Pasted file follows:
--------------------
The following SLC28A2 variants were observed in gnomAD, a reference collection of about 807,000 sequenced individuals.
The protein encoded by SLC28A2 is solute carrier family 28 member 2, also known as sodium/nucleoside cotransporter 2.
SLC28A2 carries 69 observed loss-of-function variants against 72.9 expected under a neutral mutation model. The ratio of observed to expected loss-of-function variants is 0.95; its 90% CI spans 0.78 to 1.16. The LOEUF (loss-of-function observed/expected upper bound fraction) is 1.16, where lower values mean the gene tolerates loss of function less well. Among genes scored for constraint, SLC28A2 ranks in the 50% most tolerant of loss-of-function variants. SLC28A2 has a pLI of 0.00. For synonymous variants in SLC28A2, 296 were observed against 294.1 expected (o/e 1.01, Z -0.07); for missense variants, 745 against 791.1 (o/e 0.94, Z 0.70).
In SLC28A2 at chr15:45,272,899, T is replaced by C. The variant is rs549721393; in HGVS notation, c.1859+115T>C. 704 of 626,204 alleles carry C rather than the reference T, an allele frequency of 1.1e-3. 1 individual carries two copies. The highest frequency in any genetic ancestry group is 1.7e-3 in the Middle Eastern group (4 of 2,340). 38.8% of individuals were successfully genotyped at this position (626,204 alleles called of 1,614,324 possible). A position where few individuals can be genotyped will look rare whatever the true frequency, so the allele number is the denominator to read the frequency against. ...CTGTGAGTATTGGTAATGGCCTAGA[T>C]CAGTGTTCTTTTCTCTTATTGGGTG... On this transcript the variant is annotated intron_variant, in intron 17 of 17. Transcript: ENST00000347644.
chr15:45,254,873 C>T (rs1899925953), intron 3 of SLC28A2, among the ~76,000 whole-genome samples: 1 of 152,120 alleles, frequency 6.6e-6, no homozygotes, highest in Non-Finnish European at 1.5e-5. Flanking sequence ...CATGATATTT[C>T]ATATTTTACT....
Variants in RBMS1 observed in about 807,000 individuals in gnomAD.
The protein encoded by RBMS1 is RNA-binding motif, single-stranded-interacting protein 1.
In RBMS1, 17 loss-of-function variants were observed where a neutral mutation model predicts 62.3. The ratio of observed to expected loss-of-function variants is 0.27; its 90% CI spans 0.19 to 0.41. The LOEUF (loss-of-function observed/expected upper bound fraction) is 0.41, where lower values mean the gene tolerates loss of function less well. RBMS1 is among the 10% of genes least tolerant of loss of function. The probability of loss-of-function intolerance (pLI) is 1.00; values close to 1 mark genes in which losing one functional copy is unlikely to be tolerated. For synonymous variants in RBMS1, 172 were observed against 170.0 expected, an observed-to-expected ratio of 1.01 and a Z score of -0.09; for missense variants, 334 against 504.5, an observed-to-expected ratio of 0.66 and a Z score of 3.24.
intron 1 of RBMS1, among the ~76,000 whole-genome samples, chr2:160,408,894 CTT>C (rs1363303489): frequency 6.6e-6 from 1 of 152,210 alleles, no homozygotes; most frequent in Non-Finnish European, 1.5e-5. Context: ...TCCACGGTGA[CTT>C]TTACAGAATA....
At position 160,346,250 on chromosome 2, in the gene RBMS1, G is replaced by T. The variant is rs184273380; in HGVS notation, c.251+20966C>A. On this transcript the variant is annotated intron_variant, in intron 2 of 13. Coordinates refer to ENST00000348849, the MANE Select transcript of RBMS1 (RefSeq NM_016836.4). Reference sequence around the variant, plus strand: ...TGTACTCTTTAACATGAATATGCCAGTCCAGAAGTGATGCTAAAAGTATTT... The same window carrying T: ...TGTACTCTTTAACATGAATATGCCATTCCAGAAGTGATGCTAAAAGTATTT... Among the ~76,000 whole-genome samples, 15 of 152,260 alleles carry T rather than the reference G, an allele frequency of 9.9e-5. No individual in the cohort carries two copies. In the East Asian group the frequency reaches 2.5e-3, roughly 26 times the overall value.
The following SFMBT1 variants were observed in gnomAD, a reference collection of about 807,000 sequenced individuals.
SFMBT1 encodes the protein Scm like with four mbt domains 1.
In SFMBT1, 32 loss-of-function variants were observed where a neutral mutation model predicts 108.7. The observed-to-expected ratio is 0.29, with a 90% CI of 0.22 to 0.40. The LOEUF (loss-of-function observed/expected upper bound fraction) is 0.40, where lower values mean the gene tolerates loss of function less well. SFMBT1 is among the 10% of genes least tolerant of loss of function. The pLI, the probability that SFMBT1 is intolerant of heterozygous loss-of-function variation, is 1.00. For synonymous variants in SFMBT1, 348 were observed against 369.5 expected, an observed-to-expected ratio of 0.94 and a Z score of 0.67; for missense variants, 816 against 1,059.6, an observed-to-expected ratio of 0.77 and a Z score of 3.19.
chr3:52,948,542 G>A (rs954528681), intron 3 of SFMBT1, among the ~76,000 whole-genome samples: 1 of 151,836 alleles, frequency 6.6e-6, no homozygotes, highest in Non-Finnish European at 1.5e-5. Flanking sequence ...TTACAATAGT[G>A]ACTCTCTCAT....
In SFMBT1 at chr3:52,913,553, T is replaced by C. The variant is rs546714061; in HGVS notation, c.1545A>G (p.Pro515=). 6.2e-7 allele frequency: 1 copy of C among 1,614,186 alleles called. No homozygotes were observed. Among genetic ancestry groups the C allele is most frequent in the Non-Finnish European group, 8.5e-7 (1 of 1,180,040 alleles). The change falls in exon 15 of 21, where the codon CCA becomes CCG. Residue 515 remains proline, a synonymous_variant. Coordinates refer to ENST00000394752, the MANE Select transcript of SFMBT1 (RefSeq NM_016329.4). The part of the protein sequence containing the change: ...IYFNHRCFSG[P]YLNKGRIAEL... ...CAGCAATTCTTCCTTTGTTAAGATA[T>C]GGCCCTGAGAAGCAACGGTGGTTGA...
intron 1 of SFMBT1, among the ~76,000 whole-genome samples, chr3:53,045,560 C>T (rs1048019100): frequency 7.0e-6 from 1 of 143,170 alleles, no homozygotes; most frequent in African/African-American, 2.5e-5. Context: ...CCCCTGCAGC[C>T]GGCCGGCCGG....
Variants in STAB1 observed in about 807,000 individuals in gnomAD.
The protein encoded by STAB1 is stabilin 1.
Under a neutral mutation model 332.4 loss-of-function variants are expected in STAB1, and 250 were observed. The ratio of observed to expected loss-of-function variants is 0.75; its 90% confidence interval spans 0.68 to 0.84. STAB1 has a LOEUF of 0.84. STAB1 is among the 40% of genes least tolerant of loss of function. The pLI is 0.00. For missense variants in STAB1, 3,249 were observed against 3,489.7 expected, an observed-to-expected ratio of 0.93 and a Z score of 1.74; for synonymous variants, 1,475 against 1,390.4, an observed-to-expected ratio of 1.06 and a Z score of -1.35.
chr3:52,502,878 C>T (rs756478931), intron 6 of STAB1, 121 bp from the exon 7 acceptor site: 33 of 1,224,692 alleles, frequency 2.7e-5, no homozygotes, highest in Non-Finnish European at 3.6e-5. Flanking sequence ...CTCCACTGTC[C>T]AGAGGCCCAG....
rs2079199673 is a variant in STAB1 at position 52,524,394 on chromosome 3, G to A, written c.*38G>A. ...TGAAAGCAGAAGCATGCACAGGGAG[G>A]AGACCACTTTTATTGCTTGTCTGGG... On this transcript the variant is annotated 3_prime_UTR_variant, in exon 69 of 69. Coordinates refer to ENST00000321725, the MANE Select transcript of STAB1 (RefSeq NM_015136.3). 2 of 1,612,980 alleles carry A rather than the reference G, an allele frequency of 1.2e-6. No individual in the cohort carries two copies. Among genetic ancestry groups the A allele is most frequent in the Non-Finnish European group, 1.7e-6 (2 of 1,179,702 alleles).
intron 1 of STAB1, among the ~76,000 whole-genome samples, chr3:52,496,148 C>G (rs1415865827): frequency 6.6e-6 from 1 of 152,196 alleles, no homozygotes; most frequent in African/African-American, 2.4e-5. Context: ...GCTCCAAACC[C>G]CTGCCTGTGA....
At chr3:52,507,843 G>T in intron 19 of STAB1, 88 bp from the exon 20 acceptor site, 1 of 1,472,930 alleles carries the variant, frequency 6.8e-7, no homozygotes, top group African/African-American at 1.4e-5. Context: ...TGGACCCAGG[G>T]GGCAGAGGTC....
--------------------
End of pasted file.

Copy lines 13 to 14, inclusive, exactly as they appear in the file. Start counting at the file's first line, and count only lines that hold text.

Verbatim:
In SFMBT1, 32 loss-of-function variants were observed where a neutral mutation model predicts 108.7. The observed-to-expected ratio is 0.29, with a 90% CI of 0.22 to 0.40. The LOEUF (loss-of-function observed/expected upper bound fraction) is 0.40, where lower values mean the gene tolerates loss of function less well. SFMBT1 is among the 10% of genes least tolerant of loss of function. The pLI, the probability that SFMBT1 is intolerant of heterozygous loss-of-function variation, is 1.00. For synonymous variants in SFMBT1, 348 were observed against 369.5 expected, an observed-to-expected ratio of 0.94 and a Z score of 0.67; for missense variants, 816 against 1,059.6, an observed-to-expected ratio of 0.77 and a Z score of 3.19.
chr3:52,948,542 G>A (rs954528681), intron 3 of SFMBT1, among the ~76,000 whole-genome samples: 1 of 151,836 alleles, frequency 6.6e-6, no homozygotes, highest in Non-Finnish European at 1.5e-5. Flanking sequence ...TTACAATAGT[G>A]ACTCTCTCAT....